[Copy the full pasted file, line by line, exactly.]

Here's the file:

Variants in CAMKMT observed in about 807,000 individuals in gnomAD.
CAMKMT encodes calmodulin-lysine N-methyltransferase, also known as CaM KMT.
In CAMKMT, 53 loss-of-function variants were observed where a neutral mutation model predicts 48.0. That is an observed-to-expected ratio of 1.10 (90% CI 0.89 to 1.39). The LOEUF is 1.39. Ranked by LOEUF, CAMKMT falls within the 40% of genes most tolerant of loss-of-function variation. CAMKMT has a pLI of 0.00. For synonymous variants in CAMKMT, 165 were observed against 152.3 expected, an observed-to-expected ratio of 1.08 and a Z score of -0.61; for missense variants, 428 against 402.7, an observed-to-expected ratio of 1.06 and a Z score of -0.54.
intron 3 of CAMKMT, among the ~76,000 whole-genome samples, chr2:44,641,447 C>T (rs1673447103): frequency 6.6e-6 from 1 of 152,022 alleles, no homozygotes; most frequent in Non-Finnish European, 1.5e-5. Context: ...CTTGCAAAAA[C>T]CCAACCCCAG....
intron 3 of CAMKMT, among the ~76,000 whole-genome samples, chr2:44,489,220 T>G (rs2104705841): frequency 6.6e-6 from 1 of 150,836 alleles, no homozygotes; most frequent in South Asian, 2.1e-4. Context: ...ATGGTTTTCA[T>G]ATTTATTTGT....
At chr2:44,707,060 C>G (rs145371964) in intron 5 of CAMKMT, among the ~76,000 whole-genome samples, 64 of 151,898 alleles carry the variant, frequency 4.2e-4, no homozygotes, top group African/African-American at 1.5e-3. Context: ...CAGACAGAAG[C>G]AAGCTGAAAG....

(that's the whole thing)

Variants in CAMKMT observed in about 807,000 individuals in gnomAD.
CAMKMT encodes calmodulin-lysine N-methyltransferase, also known as CaM KMT.
In CAMKMT, 53 loss-of-function variants were observed where a neutral mutation model predicts 48.0. That is an observed-to-expected ratio of 1.10 (90% CI 0.89 to 1.39). The LOEUF is 1.39. Ranked by LOEUF, CAMKMT falls within the 40% of genes most tolerant of loss-of-function variation. CAMKMT has a pLI of 0.00. For synonymous variants in CAMKMT, 165 were observed against 152.3 expected, an observed-to-expected ratio of 1.08 and a Z score of -0.61; for missense variants, 428 against 402.7, an observed-to-expected ratio of 1.06 and a Z score of -0.54.
intron 3 of CAMKMT, among the ~76,000 whole-genome samples, chr2:44,641,447 C>T (rs1673447103): frequency 6.6e-6 from 1 of 152,022 alleles, no homozygotes; most frequent in Non-Finnish European, 1.5e-5. Context: ...CTTGCAAAAA[C>T]CCAACCCCAG....
intron 3 of CAMKMT, among the ~76,000 whole-genome samples, chr2:44,489,220 T>G (rs2104705841): frequency 6.6e-6 from 1 of 150,836 alleles, no homozygotes; most frequent in South Asian, 2.1e-4. Context: ...ATGGTTTTCA[T>G]ATTTATTTGT....
At chr2:44,707,060 C>G (rs145371964) in intron 5 of CAMKMT, among the ~76,000 whole-genome samples, 64 of 151,898 alleles carry the variant, frequency 4.2e-4, no homozygotes, top group African/African-American at 1.5e-3. Context: ...CAGACAGAAG[C>G]AAGCTGAAAG....